Nose Pad Cancer (Squamous Cell Carcinoma) in Dogs

By PetMD Editorial on Oct. 23, 2009

Squamous Cell Carcinoma of Nasal Planum in Dogs

The epithelium is the cellular covering of all of the internal and external surfaces of the body, protecting the organs, inner cavities and outer surfaces of the body in a continuous layer of multi-layered tissue. The squamous epithelium is a type of epithelium that consists of the outer layer of flat, scale-like cells, which are called squamous cells.

In this case, squamous cell carcinoma of the nasal planum arises from the tissue in the nose pad, or in the mucous membranes of the nose. A squamous cell carcinoma is a malignant tumor of the squamous epithelial cells, but in the case, the risk of malignant metastasis is relatively low. It is often more invasive that metastatic. Exposure to inhaled chemicals increases the risk of nasal tumors, including indoor use of coal, cigarettes, and air fresheners.

This tumor is rare in dogs as compared to cats. There does not appear to be any particular breed, gender or age that is more susceptible, but it is suspected that dogs with larger nasal passages may be at higher risk, and dogs with light pigmented noses are at risk. A lot of time spent in the sun can also increase the risk.

Symptoms and Types

  • This tumor progress slowly, often starting as a superficial crust and scab
  • Decreased air through the nose (i.e., more mouth breathing)
  • Sneezing and reverse sneezing (i.e., sudden, involuntary inward breaths)
  • Nosebleeds (epistaxis)
  • Nasal discharge
  • Swelling of involved area, including swelling of the eye, loss of sight
  • Facial deformity
  • Excessive tears from eyes (epiphora)
  • Neurological signs (from pressure on brain) – seizure, disorientation, behavioral changes


  • Exposure to excessive sun light
  • Absence of protective pigment
  • Exposure to toxic inhalants


You will need to give your veterinarian a thorough medical history of your dog's health and onset of symptoms. Your veterinarian will perform a physical examination with full laboratory testing, including complete blood tests, biochemical profiles, and urinalysis. The results of these tests are usually normal in affected patients. While metastasis is rarely seen in the lungs, your veterinarian may take thoracic x-rays to evaluate for metastasis into the lungs. Other conditions your doctor will look for are dental diseases, aspergillosis, bacterial rhinitis, foreign object (such as a plant awn), and parasites (such as mites).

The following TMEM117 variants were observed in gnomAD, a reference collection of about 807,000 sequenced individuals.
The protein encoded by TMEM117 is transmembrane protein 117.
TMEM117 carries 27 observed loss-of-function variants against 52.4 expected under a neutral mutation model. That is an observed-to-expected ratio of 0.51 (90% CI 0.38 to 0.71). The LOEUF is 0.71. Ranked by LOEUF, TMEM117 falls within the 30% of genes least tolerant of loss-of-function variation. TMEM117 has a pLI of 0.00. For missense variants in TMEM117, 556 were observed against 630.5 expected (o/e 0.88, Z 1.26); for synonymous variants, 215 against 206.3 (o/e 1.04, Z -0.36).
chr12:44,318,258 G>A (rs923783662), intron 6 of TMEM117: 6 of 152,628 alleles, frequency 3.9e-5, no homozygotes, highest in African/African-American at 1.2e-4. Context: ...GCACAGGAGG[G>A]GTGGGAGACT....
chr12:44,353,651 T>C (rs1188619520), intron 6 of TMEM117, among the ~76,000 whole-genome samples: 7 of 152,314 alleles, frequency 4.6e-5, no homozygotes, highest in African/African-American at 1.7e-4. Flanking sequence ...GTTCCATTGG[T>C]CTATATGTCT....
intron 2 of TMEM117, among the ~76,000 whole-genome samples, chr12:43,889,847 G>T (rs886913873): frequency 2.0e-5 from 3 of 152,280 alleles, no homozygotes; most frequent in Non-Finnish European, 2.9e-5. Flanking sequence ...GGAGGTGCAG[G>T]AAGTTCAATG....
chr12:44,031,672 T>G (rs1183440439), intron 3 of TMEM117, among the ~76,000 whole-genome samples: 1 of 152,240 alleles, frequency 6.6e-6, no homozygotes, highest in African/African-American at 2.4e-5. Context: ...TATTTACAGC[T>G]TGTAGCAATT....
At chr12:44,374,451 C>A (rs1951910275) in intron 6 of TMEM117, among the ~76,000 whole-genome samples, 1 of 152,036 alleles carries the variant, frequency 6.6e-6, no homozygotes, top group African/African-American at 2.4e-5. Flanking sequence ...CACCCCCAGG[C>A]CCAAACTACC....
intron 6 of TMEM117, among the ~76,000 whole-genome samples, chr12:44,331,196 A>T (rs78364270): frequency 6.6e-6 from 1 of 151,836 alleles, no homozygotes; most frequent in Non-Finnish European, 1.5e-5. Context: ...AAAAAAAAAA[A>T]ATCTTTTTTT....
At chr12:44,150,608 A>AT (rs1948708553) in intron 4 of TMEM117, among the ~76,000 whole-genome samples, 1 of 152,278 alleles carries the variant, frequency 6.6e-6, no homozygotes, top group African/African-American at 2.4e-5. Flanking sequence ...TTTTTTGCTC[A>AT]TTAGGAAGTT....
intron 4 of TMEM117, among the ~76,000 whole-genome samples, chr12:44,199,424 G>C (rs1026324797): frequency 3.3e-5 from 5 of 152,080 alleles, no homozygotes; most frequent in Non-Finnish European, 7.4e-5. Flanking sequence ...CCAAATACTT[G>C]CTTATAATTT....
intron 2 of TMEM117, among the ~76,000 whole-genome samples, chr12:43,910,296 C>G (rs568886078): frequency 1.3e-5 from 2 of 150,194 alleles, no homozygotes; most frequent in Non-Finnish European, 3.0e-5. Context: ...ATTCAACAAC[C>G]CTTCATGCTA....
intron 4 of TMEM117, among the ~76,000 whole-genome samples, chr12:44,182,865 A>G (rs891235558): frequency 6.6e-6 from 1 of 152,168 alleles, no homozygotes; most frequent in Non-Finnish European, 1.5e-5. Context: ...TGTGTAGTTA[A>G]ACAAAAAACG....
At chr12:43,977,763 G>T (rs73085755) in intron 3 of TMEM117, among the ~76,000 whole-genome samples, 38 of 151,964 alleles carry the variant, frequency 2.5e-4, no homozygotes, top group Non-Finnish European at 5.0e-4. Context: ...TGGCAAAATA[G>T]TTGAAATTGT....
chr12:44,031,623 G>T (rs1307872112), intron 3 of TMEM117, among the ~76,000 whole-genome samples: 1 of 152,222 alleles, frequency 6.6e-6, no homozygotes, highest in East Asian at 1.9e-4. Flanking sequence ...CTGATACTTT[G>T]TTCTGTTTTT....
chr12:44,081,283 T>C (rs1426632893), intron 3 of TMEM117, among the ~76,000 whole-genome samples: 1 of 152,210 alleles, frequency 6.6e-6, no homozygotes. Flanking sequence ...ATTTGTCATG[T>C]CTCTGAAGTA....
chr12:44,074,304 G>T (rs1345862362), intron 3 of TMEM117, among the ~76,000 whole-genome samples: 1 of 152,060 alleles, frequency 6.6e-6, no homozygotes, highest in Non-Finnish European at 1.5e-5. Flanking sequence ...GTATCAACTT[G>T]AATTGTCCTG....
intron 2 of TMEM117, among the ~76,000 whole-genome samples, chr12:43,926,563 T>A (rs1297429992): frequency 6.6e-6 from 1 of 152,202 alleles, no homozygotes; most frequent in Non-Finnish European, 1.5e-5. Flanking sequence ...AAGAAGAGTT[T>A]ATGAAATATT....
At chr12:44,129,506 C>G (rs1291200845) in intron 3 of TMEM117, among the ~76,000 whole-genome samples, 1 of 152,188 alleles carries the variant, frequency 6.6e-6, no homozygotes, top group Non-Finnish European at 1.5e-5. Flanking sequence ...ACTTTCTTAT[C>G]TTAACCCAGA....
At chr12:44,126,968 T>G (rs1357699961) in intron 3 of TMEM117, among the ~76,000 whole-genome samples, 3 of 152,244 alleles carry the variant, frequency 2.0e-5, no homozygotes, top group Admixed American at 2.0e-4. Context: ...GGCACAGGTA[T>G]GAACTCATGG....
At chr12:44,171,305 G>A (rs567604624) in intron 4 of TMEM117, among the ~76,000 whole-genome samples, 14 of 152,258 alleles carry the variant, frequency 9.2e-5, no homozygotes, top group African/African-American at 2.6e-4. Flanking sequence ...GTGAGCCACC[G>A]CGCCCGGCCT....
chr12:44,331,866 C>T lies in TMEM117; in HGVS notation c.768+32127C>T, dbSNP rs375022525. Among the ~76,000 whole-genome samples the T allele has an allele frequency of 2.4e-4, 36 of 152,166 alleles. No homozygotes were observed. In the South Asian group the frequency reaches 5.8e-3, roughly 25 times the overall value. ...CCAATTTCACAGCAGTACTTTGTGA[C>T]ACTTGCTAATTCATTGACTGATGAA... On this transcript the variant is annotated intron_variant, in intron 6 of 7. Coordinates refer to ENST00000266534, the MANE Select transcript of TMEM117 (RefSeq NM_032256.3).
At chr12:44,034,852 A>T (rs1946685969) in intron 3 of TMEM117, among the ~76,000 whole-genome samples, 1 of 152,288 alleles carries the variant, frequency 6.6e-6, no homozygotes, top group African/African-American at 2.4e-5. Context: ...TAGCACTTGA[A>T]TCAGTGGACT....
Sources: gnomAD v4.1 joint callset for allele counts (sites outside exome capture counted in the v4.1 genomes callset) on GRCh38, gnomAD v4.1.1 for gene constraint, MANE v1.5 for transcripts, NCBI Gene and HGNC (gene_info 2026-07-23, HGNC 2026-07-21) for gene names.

For an appropriate diagnosis to be made, your veterinarian will need to take tissue and fluid samples from the affected area. Your veterinarian will also take samples from the lymph nodes to detect whether metastasis is occurring. Magnetic resonance imaging (MRI) and computed tomography (CT) scans may provide more information about the extent of the tumor, as well as to help in surgical resection of the tumor.


There are various surgical modalities available and selection will be based on the location and extent of the problem. Surgery will be conducted to remove the affected tissue along with some margins of the normal tissue, to be certain that all of the affected tissue has been removed. If the tumor is invasive in nature, a deeper surgical resection will be required, followed by radiation therapy. Chemotherapy may also be advised in these patients, though it has not yet been satisfactorily evaluated for this type of cancer. Your veterinarian will consult a veterinary oncologist for the best treatment plan for your dog.

Living and Management

Overall prognosis is good if the tumor is small and superficial. If the tumor is invasive and metastatic in nature, the prognosis will not be positive. The decision to go forward with surgery or chemical therapy will be based on the actual prognosis. In some cases, end of life pain management may be in order. Good nutritional support is essential for these patients to ensure maintenance of body weight and condition.

Always seek advice and instructions from a veterinary oncologist before giving chemotherapy medications, as these drugs are highly toxic to human health. Pregnant women in particular should take extra care while administering chemotherapeutic drugs to their pets. Chemotherapy medications have the possibility of toxic side effects, so your veterinarian will need to closely monitor your dog's stability, changing dosage amounts as necessary.

After surgery, you should expect your dog to feel sore. Your veterinarian will give you pain medication for your dog to help minimize discomfort, and you will need to set up a place in the house where your dog can rest comfortably and quietly, away from other pets, active children, and busy entryways. Trips outdoors for bladder and bowel relief should be kept short and easy for your dog to handle during the recovery period. Use pain medications with caution and follow all directions carefully; one of the most preventable accidents with pets is overdose of medication.


If your dog is at increased risk for acquiring this disease, you may take preventive measures by limiting sun exposure, especially from 10:00 am to 2:00 pm. Sunscreens have not been found to be effective for the prevention of this tumor.

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